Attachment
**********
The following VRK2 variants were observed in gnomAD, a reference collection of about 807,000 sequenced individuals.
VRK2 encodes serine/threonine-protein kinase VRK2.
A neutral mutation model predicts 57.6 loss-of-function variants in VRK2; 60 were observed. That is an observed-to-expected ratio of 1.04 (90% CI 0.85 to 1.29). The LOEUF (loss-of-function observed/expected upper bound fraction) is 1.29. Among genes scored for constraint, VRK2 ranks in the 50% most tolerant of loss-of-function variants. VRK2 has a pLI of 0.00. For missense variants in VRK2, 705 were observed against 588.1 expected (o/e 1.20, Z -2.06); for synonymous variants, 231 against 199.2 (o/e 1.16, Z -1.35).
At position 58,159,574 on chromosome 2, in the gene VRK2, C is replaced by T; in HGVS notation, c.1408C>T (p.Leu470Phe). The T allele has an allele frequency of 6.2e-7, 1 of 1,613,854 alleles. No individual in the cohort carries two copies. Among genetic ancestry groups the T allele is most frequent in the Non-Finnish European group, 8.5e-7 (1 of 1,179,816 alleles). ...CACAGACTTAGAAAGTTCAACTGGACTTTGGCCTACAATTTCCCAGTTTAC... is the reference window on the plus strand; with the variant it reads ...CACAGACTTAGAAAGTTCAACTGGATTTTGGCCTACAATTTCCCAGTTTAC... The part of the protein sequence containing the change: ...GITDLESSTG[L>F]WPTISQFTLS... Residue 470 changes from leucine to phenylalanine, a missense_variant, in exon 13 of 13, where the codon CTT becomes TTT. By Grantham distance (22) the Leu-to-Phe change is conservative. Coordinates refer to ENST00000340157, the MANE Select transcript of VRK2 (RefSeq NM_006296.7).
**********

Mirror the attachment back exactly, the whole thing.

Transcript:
The following VRK2 variants were observed in gnomAD, a reference collection of about 807,000 sequenced individuals.
VRK2 encodes serine/threonine-protein kinase VRK2.
A neutral mutation model predicts 57.6 loss-of-function variants in VRK2; 60 were observed. That is an observed-to-expected ratio of 1.04 (90% CI 0.85 to 1.29). The LOEUF (loss-of-function observed/expected upper bound fraction) is 1.29. Among genes scored for constraint, VRK2 ranks in the 50% most tolerant of loss-of-function variants. VRK2 has a pLI of 0.00. For missense variants in VRK2, 705 were observed against 588.1 expected (o/e 1.20, Z -2.06); for synonymous variants, 231 against 199.2 (o/e 1.16, Z -1.35).
At position 58,159,574 on chromosome 2, in the gene VRK2, C is replaced by T; in HGVS notation, c.1408C>T (p.Leu470Phe). The T allele has an allele frequency of 6.2e-7, 1 of 1,613,854 alleles. No individual in the cohort carries two copies. Among genetic ancestry groups the T allele is most frequent in the Non-Finnish European group, 8.5e-7 (1 of 1,179,816 alleles). ...CACAGACTTAGAAAGTTCAACTGGACTTTGGCCTACAATTTCCCAGTTTAC... is the reference window on the plus strand; with the variant it reads ...CACAGACTTAGAAAGTTCAACTGGATTTTGGCCTACAATTTCCCAGTTTAC... The part of the protein sequence containing the change: ...GITDLESSTG[L>F]WPTISQFTLS... Residue 470 changes from leucine to phenylalanine, a missense_variant, in exon 13 of 13, where the codon CTT becomes TTT. By Grantham distance (22) the Leu-to-Phe change is conservative. Coordinates refer to ENST00000340157, the MANE Select transcript of VRK2 (RefSeq NM_006296.7).